Although not generally regarded as one of the most fashionable British aircraft to see service during the Second World War, the Avro Anson was nevertheless one of the most important aircraft not only during the inter-war years but also during WWII itself and is deserving of more recognition than it usually receives. An aircraft that began its development in 1933 as a high-speed, long-range, modern mail-carrying charter aircraft, the Avro 652 was still in development when the British Air Ministry issued a requirement for a twin-engined, general reconnaissance and multi-role aircraft capable of performing a variety of roles for both the Royal Air force and the Royal Navy.
The Avro team felt that their new aircraft would be perfect for the role and later entered it into an official evaluation program with the competitor de Havilland DH89M, the military version of their biplane Dragon Rapide. The Avro design was found to possess greater range and endurance and whilst not without a few areas which would require some design modifications, an initial order for 174 militarised aircraft was placed. The Avro 652 would be given the name Anson after an Eighteenth Century British Admiral of the fleet, a development which did not please everyone at the Air Ministry, but as the aircraft was intended to undertake maritime patrols, the name did seem rather appropriate.
Highlighting the importance of the Avro Anson as a British aircraft type, when it entered service with No.48 Squadron at RAF Manston in March 1936, it became the first monoplane type to achieve squadron service status but was also the first RAF aircraft to feature a retractable undercarriage. At this time, the advanced Anson quickly began to attract attention from several other countries and in order to capitalize on this interest, some aircraft were diverted from existing RAF orders to fulfill these requirements, with full production forcing Avro to open new manufacturing facilities in the North West of England. The RAF Anson Mk. I was equipped with a fixed forward-firing .303 machine gun operated by the pilot and a single Lewis gun mounted in the manually traversed dorsal turret. It could also be equipped with a modest bomb load, something which was required by submarine hunting aircraft operated by Coastal Command, and whilst there were no reports of an Anson sinking a U-Boat, their presence would keep these feared hunters submerged.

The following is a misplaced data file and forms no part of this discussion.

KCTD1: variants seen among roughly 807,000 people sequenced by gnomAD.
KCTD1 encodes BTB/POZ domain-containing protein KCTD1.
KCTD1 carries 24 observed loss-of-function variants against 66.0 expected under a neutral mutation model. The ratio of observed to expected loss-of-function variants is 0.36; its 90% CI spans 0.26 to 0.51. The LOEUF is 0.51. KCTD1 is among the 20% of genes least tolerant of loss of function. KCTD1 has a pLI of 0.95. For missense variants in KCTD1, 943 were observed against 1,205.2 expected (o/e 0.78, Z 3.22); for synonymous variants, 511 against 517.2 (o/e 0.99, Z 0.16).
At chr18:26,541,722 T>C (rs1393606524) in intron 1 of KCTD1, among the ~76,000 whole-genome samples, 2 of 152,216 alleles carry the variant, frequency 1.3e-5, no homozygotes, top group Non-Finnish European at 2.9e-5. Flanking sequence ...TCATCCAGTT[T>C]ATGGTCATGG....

During the Dunkirk evacuations, Ansons used to cover the operation came under attack by Messerschmitt Bf 109 fighters, which had real difficulty engaging the slow-flying British aircraft. Consistently overshooting the Ansons, they came into the sights of the aircraft's forward-firing gun, and astonishingly, two of the Luftwaffe fighters were shot down and a third was badly damaged, with all the Ansons escaping from the engagement unscathed. Despite the fact that the RAF entered the Second World War with 26 squadrons equipped with Avro Ansons, they were basically obsolete as a fighting machine and particularly for the ones assigned to Bomber Command, they were quickly withdrawn to secondary training roles, a task for which the 'Faithfull Annie' was particularly well suited. As part of the Empire Air Training Scheme, many thousands of aircrew destined for service with Bomber Command were trained both in the UK and overseas, including those destined to serve in the Avro Lancaster, the mighty bomber which was produced in some of the same factories previously used to produce Ansons.
With just under 11,000 Ansons eventually produced, the final RAF example was only withdrawn from service as a station communications aircraft in 1968.